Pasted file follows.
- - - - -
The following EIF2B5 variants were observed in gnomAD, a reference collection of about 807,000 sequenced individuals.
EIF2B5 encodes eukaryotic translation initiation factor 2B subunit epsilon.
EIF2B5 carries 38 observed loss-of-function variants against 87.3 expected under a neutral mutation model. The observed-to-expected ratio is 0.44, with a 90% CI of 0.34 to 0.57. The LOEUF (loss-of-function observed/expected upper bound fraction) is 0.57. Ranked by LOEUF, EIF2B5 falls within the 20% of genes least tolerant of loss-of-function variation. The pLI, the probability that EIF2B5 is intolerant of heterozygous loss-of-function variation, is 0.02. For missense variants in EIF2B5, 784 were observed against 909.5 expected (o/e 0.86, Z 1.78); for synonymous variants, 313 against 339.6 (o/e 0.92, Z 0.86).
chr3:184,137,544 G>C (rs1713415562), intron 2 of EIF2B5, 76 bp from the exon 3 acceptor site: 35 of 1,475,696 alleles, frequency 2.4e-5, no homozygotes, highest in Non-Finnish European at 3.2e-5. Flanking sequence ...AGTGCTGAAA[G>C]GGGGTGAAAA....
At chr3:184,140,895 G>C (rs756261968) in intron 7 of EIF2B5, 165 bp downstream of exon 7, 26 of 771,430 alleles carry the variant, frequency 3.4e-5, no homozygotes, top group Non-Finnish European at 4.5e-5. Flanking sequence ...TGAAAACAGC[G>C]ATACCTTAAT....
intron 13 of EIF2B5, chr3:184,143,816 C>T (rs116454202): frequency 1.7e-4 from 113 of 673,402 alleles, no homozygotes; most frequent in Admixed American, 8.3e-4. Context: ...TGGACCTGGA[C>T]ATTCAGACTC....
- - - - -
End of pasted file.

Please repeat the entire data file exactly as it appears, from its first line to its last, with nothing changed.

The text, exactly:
The following EIF2B5 variants were observed in gnomAD, a reference collection of about 807,000 sequenced individuals.
EIF2B5 encodes eukaryotic translation initiation factor 2B subunit epsilon.
EIF2B5 carries 38 observed loss-of-function variants against 87.3 expected under a neutral mutation model. The observed-to-expected ratio is 0.44, with a 90% CI of 0.34 to 0.57. The LOEUF (loss-of-function observed/expected upper bound fraction) is 0.57. Ranked by LOEUF, EIF2B5 falls within the 20% of genes least tolerant of loss-of-function variation. The pLI, the probability that EIF2B5 is intolerant of heterozygous loss-of-function variation, is 0.02. For missense variants in EIF2B5, 784 were observed against 909.5 expected (o/e 0.86, Z 1.78); for synonymous variants, 313 against 339.6 (o/e 0.92, Z 0.86).
chr3:184,137,544 G>C (rs1713415562), intron 2 of EIF2B5, 76 bp from the exon 3 acceptor site: 35 of 1,475,696 alleles, frequency 2.4e-5, no homozygotes, highest in Non-Finnish European at 3.2e-5. Flanking sequence ...AGTGCTGAAA[G>C]GGGGTGAAAA....
At chr3:184,140,895 G>C (rs756261968) in intron 7 of EIF2B5, 165 bp downstream of exon 7, 26 of 771,430 alleles carry the variant, frequency 3.4e-5, no homozygotes, top group Non-Finnish European at 4.5e-5. Flanking sequence ...TGAAAACAGC[G>C]ATACCTTAAT....
intron 13 of EIF2B5, chr3:184,143,816 C>T (rs116454202): frequency 1.7e-4 from 113 of 673,402 alleles, no homozygotes; most frequent in Admixed American, 8.3e-4. Context: ...TGGACCTGGA[C>T]ATTCAGACTC....